Since I began cutting hair in 1984, I have seen it all. There isn’t a split end, bad dye job or awful cut that I haven’t seen but with every bad hair day comes a raft of haircare lessons. Here they are:
Throw out the rule book because the rules are: well really, there are no rules (at least none written in stone). However, there are guidelines to follow that can transform the way your hair looks and feels.
HOW OFTEN YOU NEED TO GET HAIR CUT:
One of the most common things I get asked is whether the six week rule is really one to live by. My answer? It totally depends on your hairstyle, hair type and how much time you have on your hands.
If you have short hair and wish to maintain the length, a re-trim every 6-8 weeks will suffice. On average, hair grows approximately half an inch a month (1.27 cm), so after 6-8 weeks a short haircut will be almost 1 inch (2.54 cm) longer than when you initially got it cut. Often, the shape is completely gone and it can look overgrown.
Those with longer hair who also want to maintain length should have a trim every 6-8 weeks too. Long hair that’s also strong can actually last longer without a cut, while finer or chemically treated hair tends to be weaker and will split easier – that’s when you need a cut. What I always say to my clients is ‘long hair that looks crap isn’t worth keeping,’ so cut off the bad stuff and enjoy the healthy. Unhealthy, dry, long hair with lots of split ends is never a good look.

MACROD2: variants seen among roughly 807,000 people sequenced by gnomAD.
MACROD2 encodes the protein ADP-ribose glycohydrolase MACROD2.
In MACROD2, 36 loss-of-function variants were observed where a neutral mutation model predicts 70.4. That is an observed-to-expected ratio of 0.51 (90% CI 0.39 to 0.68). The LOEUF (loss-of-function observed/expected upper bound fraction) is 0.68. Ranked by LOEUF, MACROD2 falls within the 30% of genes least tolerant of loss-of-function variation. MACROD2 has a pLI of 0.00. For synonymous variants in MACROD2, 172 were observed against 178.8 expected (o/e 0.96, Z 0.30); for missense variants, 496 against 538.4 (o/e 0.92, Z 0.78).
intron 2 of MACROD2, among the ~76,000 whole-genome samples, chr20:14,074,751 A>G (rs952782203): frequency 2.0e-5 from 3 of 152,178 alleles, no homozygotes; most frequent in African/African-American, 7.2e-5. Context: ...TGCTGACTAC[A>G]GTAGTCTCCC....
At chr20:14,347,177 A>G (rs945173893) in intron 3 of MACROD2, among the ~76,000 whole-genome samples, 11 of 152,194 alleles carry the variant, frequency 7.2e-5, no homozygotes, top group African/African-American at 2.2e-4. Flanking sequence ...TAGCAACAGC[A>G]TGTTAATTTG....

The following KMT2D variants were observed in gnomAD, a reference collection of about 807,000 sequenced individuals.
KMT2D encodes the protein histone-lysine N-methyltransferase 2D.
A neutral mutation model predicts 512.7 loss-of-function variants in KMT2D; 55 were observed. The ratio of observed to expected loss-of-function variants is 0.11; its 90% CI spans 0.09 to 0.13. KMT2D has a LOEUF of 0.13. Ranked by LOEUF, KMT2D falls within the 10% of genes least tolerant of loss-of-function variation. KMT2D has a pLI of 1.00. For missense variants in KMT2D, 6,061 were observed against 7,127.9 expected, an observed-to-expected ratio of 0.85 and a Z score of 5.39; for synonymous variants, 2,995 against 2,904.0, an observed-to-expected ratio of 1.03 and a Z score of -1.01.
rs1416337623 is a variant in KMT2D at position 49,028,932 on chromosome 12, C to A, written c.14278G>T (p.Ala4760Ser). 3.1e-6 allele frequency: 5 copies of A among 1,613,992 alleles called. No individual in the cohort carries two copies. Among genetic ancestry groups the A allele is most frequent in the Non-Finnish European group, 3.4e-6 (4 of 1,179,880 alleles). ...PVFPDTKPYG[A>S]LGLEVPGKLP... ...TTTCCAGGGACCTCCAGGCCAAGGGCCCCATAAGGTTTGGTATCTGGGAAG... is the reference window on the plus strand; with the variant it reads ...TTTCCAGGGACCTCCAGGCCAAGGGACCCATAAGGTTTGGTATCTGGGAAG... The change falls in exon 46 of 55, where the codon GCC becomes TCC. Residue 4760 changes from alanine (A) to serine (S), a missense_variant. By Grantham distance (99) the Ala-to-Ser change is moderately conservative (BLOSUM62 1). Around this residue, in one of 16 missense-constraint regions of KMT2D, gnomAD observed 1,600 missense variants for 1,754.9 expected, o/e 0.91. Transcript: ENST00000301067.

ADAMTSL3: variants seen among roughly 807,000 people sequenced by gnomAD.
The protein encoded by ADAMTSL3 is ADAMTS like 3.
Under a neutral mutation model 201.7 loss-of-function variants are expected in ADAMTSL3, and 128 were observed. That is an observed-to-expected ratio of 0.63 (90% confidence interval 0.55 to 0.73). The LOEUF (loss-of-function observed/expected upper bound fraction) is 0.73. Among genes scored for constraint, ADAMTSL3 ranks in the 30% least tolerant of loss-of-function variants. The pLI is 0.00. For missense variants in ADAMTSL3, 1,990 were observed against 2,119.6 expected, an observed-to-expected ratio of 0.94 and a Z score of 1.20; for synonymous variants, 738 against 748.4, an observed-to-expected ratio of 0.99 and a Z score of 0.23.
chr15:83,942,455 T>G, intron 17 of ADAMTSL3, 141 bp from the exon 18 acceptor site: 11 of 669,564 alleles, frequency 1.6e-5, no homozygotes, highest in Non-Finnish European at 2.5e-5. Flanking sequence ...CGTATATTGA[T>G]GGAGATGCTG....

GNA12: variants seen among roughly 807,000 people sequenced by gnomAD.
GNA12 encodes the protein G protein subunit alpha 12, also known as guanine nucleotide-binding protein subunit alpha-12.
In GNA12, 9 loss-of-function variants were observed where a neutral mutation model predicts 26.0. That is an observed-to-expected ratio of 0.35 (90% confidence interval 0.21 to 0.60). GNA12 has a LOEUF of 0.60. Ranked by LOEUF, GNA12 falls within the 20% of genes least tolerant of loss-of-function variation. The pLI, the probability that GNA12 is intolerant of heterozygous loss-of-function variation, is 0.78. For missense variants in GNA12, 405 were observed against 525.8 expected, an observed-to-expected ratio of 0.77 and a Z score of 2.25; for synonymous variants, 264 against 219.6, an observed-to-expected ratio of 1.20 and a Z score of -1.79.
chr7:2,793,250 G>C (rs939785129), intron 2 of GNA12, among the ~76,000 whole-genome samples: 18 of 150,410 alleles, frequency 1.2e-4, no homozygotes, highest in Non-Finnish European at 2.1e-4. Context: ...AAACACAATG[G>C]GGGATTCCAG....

They’re as sneaky as hair comes and they creep up on you when you least expect them but what split ends are great at is being a visual reminder to get down to your hairdressers for a good cut. It’s a myth that you can repair them with so-called ‘split end repair’ products. Take it from me, they really can’t be repaired – ignore the marketing – although can occasionally be very temporarily bonded back with product. My advice is get them cut off and say no more about it.
A healthy diet rich in protein, complex carbs and certain minerals not only encourages hair growth, but also healthy hair growth, too. The vitamins and minerals you need for the very shiniest, strongest and good quality hair, like vitamins B, C, E and D, as well as Iron and Magnesium can all be found in foods like oily fish, nuts, spinach, lentils, liver, eggs, tangerines and wholemeal grains to name a few. Even Marmite has beneficial nutrients that will help your hair, so no excuses if you belong in the ‘Hate’ camp.
If a healthy diet isn’t your strong point, there are also supplements you can take. Fish Oils and Omega 3 help hair look shinier as they help combat a dry scalp and also encourage it to grow stronger. I swear by taking Cod Liver Oil with Glucosamine every day. Viviscal hair supplements are also great for thick, healthy hair, and are especially good if you have trouble with hair thinning or breakage. They contain Biotin which when combined with protein in the diet, helps promote hair growth, and Zinc which prevents hair loss, the combination of which really fortifies the hair. If you’re in more desperate need, I recommend Viviscal Pro for a more potent version.
I’m a great believer of using any shampoo that contains tea. Why? It’s an antioxidant, which helps protect the hair from pollution and environmental aggravators, and also encourages healthy hair growth. From green and white teas to Rooibos and green coffee, all of the shampoos and conditioners I’ve created in my Windle and Moodie range are packed with them.
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